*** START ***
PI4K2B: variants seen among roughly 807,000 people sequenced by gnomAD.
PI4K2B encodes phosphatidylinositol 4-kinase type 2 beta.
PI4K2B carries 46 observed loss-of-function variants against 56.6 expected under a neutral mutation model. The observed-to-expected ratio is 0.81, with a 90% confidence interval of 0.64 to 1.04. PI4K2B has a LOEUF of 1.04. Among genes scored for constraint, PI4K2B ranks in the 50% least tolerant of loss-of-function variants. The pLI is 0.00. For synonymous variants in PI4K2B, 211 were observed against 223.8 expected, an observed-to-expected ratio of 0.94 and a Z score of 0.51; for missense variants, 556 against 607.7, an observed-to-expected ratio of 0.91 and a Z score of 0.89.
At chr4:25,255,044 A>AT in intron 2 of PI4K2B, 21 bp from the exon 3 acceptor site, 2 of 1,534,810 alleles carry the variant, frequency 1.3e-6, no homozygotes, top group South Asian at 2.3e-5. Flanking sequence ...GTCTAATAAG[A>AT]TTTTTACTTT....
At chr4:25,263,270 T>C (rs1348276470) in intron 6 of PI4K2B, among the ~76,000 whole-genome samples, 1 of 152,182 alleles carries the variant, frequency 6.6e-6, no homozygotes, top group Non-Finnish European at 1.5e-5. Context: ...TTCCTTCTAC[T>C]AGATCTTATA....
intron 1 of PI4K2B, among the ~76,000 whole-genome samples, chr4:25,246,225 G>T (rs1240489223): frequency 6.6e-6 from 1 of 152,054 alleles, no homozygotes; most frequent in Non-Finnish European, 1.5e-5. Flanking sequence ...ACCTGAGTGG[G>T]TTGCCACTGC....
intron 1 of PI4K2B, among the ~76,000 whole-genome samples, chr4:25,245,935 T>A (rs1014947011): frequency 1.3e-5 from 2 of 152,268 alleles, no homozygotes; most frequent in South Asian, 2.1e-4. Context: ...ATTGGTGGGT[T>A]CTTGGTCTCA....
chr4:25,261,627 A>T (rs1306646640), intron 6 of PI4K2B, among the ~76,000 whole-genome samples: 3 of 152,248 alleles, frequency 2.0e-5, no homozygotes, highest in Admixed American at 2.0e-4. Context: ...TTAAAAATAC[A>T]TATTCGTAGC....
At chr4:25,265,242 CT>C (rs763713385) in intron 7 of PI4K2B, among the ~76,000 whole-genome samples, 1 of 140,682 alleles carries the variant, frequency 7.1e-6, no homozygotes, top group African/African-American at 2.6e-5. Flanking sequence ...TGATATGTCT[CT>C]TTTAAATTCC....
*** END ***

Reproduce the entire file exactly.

PI4K2B: variants seen among roughly 807,000 people sequenced by gnomAD.
PI4K2B encodes phosphatidylinositol 4-kinase type 2 beta.
PI4K2B carries 46 observed loss-of-function variants against 56.6 expected under a neutral mutation model. The observed-to-expected ratio is 0.81, with a 90% confidence interval of 0.64 to 1.04. PI4K2B has a LOEUF of 1.04. Among genes scored for constraint, PI4K2B ranks in the 50% least tolerant of loss-of-function variants. The pLI is 0.00. For synonymous variants in PI4K2B, 211 were observed against 223.8 expected, an observed-to-expected ratio of 0.94 and a Z score of 0.51; for missense variants, 556 against 607.7, an observed-to-expected ratio of 0.91 and a Z score of 0.89.
At chr4:25,255,044 A>AT in intron 2 of PI4K2B, 21 bp from the exon 3 acceptor site, 2 of 1,534,810 alleles carry the variant, frequency 1.3e-6, no homozygotes, top group South Asian at 2.3e-5. Flanking sequence ...GTCTAATAAG[A>AT]TTTTTACTTT....
At chr4:25,263,270 T>C (rs1348276470) in intron 6 of PI4K2B, among the ~76,000 whole-genome samples, 1 of 152,182 alleles carries the variant, frequency 6.6e-6, no homozygotes, top group Non-Finnish European at 1.5e-5. Context: ...TTCCTTCTAC[T>C]AGATCTTATA....
intron 1 of PI4K2B, among the ~76,000 whole-genome samples, chr4:25,246,225 G>T (rs1240489223): frequency 6.6e-6 from 1 of 152,054 alleles, no homozygotes; most frequent in Non-Finnish European, 1.5e-5. Flanking sequence ...ACCTGAGTGG[G>T]TTGCCACTGC....
intron 1 of PI4K2B, among the ~76,000 whole-genome samples, chr4:25,245,935 T>A (rs1014947011): frequency 1.3e-5 from 2 of 152,268 alleles, no homozygotes; most frequent in South Asian, 2.1e-4. Context: ...ATTGGTGGGT[T>A]CTTGGTCTCA....
chr4:25,261,627 A>T (rs1306646640), intron 6 of PI4K2B, among the ~76,000 whole-genome samples: 3 of 152,248 alleles, frequency 2.0e-5, no homozygotes, highest in Admixed American at 2.0e-4. Context: ...TTAAAAATAC[A>T]TATTCGTAGC....
At chr4:25,265,242 CT>C (rs763713385) in intron 7 of PI4K2B, among the ~76,000 whole-genome samples, 1 of 140,682 alleles carries the variant, frequency 7.1e-6, no homozygotes, top group African/African-American at 2.6e-5. Flanking sequence ...TGATATGTCT[CT>C]TTTAAATTCC....